As a proactive measure, organizations must ensure that they are implementing best practices to protect themselves against Active Directory vulnerabilities. While it is difficult to completely protect all of the files and data held on the Active Directory servers, implementing prevention methods will help reduce risks. This will in turn lead to a reduction in data breaches, which can result in financial loss, exposure of trade secrets, and reputation damage.

Ensuring that all employees know how to change the password at regular intervals is a good practice for Active Directory security. One way to accomplish this is to provide training to staff on the process. It is not sufficient to simply instruct staff how to remember and change the Active Directory passwords. Employees must understand how to implement and maintain these policies in real-world situations. Installing and using anti-virus and firewalls on the internal network, ensuring that employees use appropriate passwords, and regularly changing the passwords stored on the Active Directory database are additional means of preventing Active Directory password fraud. In addition to anti-virus programs, some businesses have incorporated further measures into their Active Directory security plan by using verification systems, such as managing the use of the Windows login and creating user logs.

Active Directory traffic passes through two types of protocols; those between an Active Directory server and an external host, as well as between the Windows domain controller and domain users. While it is not possible to enforce all possible forms of Active Directory communication, Active Directory security can be significantly increased by enforcing at least one standard protocol, such as TCP 445. This standard was developed by Microsoft to establish a transport layer between Active Directory and other networking applications. When users connect to an application over a non-network connection, they often experience the message “Service unable”, when attempting to open a file or contact a directory. By using TCP 445, administrators can ensure that Active Directory packets will be treated the same way regardless of whether they pass through an external network or through the Active Directory servers on the Intranet.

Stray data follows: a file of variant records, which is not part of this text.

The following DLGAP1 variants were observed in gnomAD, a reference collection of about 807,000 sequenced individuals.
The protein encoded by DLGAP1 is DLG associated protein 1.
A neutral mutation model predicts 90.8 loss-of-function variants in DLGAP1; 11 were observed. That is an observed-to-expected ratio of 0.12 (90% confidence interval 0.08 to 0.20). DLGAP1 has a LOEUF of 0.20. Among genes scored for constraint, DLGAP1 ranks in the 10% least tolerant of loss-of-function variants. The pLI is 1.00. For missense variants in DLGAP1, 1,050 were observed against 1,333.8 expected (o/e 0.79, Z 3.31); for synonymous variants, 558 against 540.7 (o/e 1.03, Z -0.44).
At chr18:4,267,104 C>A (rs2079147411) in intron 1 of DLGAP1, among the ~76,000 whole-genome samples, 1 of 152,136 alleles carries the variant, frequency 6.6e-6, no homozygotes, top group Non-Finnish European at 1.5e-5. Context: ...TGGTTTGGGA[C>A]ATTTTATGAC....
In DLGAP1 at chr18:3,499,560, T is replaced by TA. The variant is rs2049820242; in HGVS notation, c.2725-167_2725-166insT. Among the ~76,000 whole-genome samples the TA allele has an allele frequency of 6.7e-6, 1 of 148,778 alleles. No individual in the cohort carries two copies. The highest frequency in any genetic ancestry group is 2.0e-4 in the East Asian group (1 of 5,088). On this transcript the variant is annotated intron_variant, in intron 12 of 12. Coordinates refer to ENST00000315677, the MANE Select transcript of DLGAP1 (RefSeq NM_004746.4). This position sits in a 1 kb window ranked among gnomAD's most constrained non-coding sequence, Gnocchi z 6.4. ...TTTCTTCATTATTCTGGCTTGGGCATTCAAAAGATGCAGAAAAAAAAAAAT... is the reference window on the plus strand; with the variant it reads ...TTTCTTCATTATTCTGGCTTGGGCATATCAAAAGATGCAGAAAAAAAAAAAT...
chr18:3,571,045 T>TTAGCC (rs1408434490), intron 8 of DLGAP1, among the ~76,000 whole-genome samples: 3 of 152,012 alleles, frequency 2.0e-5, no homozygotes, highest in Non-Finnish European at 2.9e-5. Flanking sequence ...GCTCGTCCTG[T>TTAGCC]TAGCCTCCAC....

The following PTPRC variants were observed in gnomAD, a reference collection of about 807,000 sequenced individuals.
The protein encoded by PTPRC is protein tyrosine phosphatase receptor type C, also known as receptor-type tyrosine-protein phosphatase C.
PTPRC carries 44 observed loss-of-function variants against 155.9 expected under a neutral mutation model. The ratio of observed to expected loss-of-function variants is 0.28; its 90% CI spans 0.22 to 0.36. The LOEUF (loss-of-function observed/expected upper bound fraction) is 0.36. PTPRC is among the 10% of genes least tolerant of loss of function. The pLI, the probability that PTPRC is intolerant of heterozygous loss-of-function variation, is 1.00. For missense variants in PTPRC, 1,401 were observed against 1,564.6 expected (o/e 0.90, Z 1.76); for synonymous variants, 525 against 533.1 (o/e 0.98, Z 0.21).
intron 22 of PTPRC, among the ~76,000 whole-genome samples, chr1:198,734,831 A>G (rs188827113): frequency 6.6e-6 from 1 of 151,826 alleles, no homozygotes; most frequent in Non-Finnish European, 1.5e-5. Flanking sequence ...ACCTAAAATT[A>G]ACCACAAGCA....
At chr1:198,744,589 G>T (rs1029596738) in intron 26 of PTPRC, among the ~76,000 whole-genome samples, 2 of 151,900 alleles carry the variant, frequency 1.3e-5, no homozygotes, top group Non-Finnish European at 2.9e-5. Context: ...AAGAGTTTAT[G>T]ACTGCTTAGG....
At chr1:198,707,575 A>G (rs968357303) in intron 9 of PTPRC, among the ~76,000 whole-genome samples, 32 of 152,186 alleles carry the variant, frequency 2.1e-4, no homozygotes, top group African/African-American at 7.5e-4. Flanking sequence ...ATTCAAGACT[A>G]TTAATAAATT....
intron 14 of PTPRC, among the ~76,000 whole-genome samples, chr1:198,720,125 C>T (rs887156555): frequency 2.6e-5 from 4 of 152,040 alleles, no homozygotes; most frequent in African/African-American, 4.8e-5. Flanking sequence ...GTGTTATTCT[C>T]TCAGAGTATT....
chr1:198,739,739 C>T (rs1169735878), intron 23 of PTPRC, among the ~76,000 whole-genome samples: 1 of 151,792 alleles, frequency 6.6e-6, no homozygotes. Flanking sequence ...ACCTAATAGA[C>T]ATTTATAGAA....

An additional means of securing Active Directory is to control access to the directory from domain controllers and other unauthorized users. There are a number of ways to accomplish this. The Windows server 2019 platform includes the Networking Services client package, which automatically installs security features required to give Windows authentication and access permissions to Active Directory objects. Additional security options can be added to Windows by using Windows updates

Some organizations are more concerned about Active Directory maintenance than are others. If you find that you have a large amount of Active Directory information that must be replicated across different servers in your company, you may want to consider Active Directory cloning, which is a relatively simple procedure. In the past, Active Directory cloning meant having to add a couple of registry keys to every affected server, making it very inefficient and time-consuming. New technology provided by Microsoft now allows you to utilize Active Directory cloning in a much more efficient manner that is simple and straightforward. While Active Directory cloning is not yet a widely used feature, it is best practice to implement this process before trying to implement Active Directory security in your company’s network.

The final step to securing Active Directory security is to instruct all domain admins to turn off the auto-renewal of DNS records with the DNS server. Auto-renewal essentially means that when a DNS record is added or deleted from the DNS server, it does not automatically remove the record from Active Directory. Although not recommended, some organizations recommend that Active Directory administrators allow recording renewal so that any new changes they make to Active Directory will be propagated across the system.


In this article, we have discussed the best practices for securing Active Directory.

These best practices will help you secure your Active Directory so that your business can continue to run smoothly. While Active Directory security is best implemented by the Domain Admin rather than by the layperson, securing Active Directory in your organization is easier to do when the correct safeguards are in place.

If you do decide to implement Active Directory security in your organization, make sure that you use the recommendations provided above so that your network will be much more effective and secure.